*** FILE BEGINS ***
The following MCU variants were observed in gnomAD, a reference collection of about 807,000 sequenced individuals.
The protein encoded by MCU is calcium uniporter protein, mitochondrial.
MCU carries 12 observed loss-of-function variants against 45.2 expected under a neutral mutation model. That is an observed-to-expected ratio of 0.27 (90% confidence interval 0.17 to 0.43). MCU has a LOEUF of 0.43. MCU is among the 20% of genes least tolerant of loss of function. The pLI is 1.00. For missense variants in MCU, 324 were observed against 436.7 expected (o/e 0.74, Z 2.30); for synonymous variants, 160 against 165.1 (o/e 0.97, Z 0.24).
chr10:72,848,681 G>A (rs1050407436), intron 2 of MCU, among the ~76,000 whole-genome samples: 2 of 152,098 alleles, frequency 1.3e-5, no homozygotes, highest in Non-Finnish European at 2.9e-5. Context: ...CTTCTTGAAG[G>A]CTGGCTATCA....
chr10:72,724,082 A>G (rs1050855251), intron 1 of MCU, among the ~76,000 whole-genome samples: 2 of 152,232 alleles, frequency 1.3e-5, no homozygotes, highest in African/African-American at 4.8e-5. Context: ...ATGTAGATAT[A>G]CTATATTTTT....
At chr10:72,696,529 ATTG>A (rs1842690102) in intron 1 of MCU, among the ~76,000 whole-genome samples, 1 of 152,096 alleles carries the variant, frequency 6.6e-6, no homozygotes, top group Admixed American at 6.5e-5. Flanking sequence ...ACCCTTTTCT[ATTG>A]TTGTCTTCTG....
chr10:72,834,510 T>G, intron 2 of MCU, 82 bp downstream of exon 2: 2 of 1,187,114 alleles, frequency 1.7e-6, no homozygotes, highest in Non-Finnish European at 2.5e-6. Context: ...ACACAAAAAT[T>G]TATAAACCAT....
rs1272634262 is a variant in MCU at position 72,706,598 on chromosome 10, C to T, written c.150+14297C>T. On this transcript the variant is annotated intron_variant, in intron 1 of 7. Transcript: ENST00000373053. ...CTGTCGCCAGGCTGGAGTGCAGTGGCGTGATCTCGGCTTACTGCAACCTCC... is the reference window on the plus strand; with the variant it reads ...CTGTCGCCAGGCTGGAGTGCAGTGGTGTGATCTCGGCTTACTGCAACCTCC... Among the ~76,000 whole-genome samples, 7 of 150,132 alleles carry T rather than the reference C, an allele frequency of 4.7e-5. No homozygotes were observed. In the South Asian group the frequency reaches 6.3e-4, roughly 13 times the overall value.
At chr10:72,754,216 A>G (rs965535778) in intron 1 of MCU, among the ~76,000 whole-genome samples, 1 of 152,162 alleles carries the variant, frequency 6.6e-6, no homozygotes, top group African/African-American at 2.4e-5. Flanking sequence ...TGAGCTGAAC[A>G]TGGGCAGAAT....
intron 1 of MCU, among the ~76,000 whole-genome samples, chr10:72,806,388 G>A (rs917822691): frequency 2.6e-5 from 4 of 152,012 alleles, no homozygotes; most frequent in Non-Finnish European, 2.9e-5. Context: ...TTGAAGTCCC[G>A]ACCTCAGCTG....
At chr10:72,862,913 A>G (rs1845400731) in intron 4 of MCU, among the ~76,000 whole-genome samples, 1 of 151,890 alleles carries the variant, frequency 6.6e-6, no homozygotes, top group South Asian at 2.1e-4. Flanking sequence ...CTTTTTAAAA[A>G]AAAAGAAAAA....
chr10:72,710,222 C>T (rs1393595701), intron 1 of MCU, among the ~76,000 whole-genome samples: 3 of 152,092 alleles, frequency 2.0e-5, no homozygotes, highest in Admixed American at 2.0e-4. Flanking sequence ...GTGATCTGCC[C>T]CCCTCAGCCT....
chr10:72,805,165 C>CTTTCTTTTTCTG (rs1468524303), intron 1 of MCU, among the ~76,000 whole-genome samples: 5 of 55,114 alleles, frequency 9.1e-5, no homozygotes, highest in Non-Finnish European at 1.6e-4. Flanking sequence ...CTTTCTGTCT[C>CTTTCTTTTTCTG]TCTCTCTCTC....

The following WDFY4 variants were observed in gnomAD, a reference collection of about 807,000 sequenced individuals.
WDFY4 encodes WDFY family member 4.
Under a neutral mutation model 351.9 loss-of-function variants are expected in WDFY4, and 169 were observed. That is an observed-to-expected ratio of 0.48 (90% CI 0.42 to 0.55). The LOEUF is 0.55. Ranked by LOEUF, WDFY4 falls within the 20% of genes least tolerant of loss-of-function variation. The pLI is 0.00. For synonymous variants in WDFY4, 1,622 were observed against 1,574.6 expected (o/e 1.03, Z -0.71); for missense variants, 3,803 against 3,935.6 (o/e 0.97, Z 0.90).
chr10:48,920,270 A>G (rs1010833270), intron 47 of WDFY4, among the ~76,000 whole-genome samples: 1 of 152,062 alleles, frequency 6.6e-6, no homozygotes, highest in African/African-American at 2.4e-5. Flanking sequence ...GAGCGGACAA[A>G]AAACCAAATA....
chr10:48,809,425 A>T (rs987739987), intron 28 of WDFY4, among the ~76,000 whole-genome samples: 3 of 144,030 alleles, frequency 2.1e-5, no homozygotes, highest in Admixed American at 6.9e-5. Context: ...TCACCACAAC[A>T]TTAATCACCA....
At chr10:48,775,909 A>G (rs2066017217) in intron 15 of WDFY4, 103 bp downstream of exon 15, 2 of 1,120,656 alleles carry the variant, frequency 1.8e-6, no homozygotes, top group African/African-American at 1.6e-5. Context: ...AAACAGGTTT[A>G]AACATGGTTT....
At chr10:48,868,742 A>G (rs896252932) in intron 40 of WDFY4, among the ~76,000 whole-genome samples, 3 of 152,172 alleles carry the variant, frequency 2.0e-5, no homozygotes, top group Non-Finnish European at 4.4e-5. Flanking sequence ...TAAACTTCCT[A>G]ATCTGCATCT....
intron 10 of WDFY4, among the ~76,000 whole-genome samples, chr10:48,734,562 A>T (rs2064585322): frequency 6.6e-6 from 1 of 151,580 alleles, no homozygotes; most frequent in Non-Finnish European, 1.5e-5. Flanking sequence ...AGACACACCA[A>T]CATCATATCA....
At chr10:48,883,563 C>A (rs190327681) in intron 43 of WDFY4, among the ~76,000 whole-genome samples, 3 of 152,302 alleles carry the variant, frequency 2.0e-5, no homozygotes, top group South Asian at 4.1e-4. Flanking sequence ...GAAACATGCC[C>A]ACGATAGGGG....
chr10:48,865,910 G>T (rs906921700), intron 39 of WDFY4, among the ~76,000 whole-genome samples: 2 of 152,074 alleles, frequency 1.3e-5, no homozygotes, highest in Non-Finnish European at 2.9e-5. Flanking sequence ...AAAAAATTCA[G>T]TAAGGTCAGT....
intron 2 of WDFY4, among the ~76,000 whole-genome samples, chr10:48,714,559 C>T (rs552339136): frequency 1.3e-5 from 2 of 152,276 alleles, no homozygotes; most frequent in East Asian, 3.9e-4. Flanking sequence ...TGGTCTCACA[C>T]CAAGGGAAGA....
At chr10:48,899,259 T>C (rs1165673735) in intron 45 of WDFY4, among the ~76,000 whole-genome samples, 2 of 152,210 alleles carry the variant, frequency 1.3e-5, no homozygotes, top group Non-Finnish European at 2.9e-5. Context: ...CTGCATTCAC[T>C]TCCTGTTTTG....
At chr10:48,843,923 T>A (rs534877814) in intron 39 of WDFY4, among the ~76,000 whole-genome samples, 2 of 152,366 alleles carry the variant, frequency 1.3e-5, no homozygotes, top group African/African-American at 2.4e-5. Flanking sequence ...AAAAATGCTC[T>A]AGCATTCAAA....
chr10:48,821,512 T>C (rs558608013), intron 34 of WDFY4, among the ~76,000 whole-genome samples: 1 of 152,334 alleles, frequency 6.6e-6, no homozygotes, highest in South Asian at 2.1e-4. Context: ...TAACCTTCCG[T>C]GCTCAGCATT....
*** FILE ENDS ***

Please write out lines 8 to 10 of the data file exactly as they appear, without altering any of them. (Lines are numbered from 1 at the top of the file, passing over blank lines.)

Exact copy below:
rs1272634262 is a variant in MCU at position 72,706,598 on chromosome 10, C to T, written c.150+14297C>T. On this transcript the variant is annotated intron_variant, in intron 1 of 7. Transcript: ENST00000373053. ...CTGTCGCCAGGCTGGAGTGCAGTGGCGTGATCTCGGCTTACTGCAACCTCC... is the reference window on the plus strand; with the variant it reads ...CTGTCGCCAGGCTGGAGTGCAGTGGTGTGATCTCGGCTTACTGCAACCTCC... Among the ~76,000 whole-genome samples, 7 of 150,132 alleles carry T rather than the reference C, an allele frequency of 4.7e-5. No homozygotes were observed. In the South Asian group the frequency reaches 6.3e-4, roughly 13 times the overall value.
At chr10:72,754,216 A>G (rs965535778) in intron 1 of MCU, among the ~76,000 whole-genome samples, 1 of 152,162 alleles carries the variant, frequency 6.6e-6, no homozygotes, top group African/African-American at 2.4e-5. Flanking sequence ...TGAGCTGAAC[A>G]TGGGCAGAAT....
intron 1 of MCU, among the ~76,000 whole-genome samples, chr10:72,806,388 G>A (rs917822691): frequency 2.6e-5 from 4 of 152,012 alleles, no homozygotes; most frequent in Non-Finnish European, 2.9e-5. Context: ...TTGAAGTCCC[G>A]ACCTCAGCTG....